America's Federal Communications Commission has approved a new set of rules aimed at making it easier for airlines to offer passengers an in-flight Internet service, in a move that the UK's telecommunications regulator, Ofcom, is likely to be monitoring closely.
The agency said it hopes the new rules will halve the amount of time it takes to get Internet services for aircraft approved. Since 2001, the FCC has sanctioned satellite-based Internet systems for aeroplanes on an ad-hoc basis. The new rules formalise the application process, which should reduce administrative burdens that have stalled onboard Wi-Fi rollouts in the past.
"Whether travelling for work or leisure, [people] increasingly expect broadband access everywhere they go," FCC Chairman Julius Genachowski said in a statement.
"These new rules will help airlines and broadband providers offer high-speed Internet to passengers, including by accelerating by up to 50 per cent the processing of applications to provide broadband on planes. This will enable providers to bring broadband to planes more efficiently, helping passengers connect with friends, family, or the office," he added.
Instead of having to license onboard Internet systems on an ad-hoc basis, airlines will now be able to simply test the technology to ensure it meets FCC standards and does not interfere with any aircraft systems. From there, airlines will need to get approval from the Federal Aviation Administration - the US equivalent of Britain's Civil Aviation Authority - which oversees the safety of in-flight systems.
The FCC said the new rules should increase the availability of onboard Wi-Fi.
For years now, travellers have been instructed to turn off all electronic devices before take-off and landing, while Internet connectivity has been limited to the in-flight Wi-Fi provided by certain airlines. Many have questioned whether this is entirely necessary, and the FCC in December called for "greater use" of tablets, eBook readers, and other portable electronic devices during flights.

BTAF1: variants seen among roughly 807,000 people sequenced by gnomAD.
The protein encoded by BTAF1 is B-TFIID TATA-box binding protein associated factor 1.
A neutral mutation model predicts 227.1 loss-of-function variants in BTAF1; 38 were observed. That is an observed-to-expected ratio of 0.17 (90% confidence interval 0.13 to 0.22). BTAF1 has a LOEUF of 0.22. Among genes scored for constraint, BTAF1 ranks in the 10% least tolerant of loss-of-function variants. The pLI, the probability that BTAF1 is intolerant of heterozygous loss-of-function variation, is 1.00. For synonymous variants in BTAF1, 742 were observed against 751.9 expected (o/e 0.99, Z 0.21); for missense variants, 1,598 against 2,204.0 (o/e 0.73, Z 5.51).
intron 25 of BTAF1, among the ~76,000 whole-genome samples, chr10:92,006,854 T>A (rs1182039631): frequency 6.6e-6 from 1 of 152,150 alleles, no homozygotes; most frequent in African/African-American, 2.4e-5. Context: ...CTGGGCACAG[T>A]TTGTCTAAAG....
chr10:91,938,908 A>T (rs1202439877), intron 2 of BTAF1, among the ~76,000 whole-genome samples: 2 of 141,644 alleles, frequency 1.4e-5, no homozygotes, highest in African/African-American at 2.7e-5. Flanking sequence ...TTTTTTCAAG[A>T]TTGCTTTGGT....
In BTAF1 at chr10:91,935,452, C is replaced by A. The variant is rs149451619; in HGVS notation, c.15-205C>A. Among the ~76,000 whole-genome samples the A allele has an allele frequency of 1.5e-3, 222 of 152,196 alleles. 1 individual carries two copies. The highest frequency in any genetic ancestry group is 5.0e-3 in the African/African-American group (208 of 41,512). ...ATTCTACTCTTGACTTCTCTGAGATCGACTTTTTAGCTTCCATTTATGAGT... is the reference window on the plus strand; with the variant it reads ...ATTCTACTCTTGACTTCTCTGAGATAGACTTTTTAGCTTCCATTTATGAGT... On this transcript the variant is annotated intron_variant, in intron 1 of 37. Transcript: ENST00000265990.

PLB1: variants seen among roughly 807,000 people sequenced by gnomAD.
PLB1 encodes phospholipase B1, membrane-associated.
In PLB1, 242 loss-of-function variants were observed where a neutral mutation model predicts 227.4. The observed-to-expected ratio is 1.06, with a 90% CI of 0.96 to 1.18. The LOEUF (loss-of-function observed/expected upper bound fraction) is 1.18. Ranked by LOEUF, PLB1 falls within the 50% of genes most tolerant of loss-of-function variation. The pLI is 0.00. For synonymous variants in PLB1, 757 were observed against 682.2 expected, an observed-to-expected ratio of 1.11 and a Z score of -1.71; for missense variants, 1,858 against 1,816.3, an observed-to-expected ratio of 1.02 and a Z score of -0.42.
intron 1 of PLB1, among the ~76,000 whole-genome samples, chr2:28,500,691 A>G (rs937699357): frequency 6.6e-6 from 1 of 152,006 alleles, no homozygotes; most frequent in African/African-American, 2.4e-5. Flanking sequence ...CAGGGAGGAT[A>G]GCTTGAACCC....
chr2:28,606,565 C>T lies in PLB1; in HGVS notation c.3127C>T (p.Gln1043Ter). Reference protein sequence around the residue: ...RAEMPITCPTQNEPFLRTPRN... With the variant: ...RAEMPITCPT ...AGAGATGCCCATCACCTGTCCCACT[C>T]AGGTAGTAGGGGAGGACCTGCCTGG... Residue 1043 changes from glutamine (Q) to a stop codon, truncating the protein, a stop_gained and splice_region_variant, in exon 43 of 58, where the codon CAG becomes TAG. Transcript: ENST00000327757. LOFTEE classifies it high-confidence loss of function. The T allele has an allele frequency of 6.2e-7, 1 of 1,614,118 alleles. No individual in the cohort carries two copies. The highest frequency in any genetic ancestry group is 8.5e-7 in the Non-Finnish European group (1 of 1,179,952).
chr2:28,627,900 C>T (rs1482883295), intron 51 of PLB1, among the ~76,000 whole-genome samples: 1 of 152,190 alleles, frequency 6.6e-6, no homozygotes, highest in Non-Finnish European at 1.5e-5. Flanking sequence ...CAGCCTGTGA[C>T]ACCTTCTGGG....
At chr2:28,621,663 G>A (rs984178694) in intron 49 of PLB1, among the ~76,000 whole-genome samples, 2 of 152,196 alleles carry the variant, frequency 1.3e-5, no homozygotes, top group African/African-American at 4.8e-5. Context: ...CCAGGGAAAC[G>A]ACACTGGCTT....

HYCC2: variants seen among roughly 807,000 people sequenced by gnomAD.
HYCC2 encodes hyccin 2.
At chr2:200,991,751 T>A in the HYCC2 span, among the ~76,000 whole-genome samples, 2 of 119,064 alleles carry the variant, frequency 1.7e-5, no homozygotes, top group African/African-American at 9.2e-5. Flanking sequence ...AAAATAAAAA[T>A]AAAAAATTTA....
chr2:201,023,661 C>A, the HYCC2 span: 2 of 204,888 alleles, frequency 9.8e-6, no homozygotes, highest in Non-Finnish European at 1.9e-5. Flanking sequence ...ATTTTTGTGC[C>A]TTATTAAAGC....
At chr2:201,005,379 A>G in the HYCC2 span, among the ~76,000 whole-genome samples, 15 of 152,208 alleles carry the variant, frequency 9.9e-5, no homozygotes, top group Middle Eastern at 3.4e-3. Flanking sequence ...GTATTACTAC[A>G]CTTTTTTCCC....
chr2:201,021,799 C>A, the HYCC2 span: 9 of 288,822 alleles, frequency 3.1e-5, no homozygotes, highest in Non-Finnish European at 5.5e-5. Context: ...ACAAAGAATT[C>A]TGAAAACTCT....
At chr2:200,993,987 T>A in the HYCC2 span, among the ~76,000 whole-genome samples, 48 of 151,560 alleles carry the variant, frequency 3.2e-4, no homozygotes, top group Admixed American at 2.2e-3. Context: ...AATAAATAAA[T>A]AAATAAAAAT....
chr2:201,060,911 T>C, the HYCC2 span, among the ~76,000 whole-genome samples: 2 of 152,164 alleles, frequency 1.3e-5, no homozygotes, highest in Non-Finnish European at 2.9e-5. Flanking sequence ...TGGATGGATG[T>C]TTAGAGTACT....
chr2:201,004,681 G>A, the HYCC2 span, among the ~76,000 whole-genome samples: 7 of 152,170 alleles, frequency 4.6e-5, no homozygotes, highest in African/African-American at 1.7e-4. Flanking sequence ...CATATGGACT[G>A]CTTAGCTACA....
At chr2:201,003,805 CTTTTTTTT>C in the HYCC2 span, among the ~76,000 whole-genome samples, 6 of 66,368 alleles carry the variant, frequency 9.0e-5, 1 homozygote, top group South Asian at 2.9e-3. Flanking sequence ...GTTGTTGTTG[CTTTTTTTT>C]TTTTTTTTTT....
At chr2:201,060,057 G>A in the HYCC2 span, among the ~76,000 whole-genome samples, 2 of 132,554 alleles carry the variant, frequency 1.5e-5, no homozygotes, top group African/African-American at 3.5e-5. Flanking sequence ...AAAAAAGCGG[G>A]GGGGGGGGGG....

At this point, the FCC allows for the use of in-flight data and voice services via dedicated air-to-ground frequencies that were previously used for the seat-back phones. The use of mobile phones in the 800 MHz band or other wireless devices on flights, however, is prohibited by the FCC because of potential interference with wireless networks on the ground.
In 2004, the commission opened a proceeding that investigated whether or not to lift that ban. But the proceeding was terminated in 2007 because the evidence submitted by interested parties was not enough to convince the FCC that lifting the ban would be safe.
The FAA, meanwhile, bans the use of in-flight wireless devices - and regulates the use of portable electronic devices - because of possible interference with the plane's navigation and communication systems. In March, the FAA said it was going to take a "fresh look" at the use of electronics on planes.
Aircraft manufacturers are among those committed to advancing in-flight Internet access, with Boeing pledging Wi-Fi for 2013, and wireless streaming capabilities by 2014.